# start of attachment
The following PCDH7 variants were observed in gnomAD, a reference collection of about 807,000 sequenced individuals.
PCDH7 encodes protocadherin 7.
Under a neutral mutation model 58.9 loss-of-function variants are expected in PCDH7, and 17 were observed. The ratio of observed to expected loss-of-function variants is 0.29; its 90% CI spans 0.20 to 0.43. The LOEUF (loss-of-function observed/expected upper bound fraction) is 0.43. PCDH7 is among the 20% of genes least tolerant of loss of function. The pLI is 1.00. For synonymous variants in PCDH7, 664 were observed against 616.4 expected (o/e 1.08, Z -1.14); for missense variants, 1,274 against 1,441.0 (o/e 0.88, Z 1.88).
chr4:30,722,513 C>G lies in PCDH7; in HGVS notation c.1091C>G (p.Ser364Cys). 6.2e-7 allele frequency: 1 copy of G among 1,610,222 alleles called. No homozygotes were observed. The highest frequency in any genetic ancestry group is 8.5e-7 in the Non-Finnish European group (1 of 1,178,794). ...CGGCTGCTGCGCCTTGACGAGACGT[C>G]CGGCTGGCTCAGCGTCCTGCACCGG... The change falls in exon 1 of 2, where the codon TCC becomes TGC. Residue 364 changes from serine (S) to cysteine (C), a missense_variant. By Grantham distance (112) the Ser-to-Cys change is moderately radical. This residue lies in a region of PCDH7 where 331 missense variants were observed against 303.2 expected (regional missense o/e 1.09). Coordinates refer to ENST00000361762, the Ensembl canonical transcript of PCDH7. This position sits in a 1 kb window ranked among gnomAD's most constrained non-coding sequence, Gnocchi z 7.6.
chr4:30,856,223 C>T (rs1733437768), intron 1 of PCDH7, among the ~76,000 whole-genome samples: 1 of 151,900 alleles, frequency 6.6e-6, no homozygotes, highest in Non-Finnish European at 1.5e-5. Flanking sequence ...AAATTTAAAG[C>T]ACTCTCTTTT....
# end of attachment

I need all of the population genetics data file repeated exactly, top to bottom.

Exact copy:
The following PCDH7 variants were observed in gnomAD, a reference collection of about 807,000 sequenced individuals.
PCDH7 encodes protocadherin 7.
Under a neutral mutation model 58.9 loss-of-function variants are expected in PCDH7, and 17 were observed. The ratio of observed to expected loss-of-function variants is 0.29; its 90% CI spans 0.20 to 0.43. The LOEUF (loss-of-function observed/expected upper bound fraction) is 0.43. PCDH7 is among the 20% of genes least tolerant of loss of function. The pLI is 1.00. For synonymous variants in PCDH7, 664 were observed against 616.4 expected (o/e 1.08, Z -1.14); for missense variants, 1,274 against 1,441.0 (o/e 0.88, Z 1.88).
chr4:30,722,513 C>G lies in PCDH7; in HGVS notation c.1091C>G (p.Ser364Cys). 6.2e-7 allele frequency: 1 copy of G among 1,610,222 alleles called. No homozygotes were observed. The highest frequency in any genetic ancestry group is 8.5e-7 in the Non-Finnish European group (1 of 1,178,794). ...CGGCTGCTGCGCCTTGACGAGACGT[C>G]CGGCTGGCTCAGCGTCCTGCACCGG... The change falls in exon 1 of 2, where the codon TCC becomes TGC. Residue 364 changes from serine (S) to cysteine (C), a missense_variant. By Grantham distance (112) the Ser-to-Cys change is moderately radical. This residue lies in a region of PCDH7 where 331 missense variants were observed against 303.2 expected (regional missense o/e 1.09). Coordinates refer to ENST00000361762, the Ensembl canonical transcript of PCDH7. This position sits in a 1 kb window ranked among gnomAD's most constrained non-coding sequence, Gnocchi z 7.6.
chr4:30,856,223 C>T (rs1733437768), intron 1 of PCDH7, among the ~76,000 whole-genome samples: 1 of 151,900 alleles, frequency 6.6e-6, no homozygotes, highest in Non-Finnish European at 1.5e-5. Flanking sequence ...AAATTTAAAG[C>T]ACTCTCTTTT....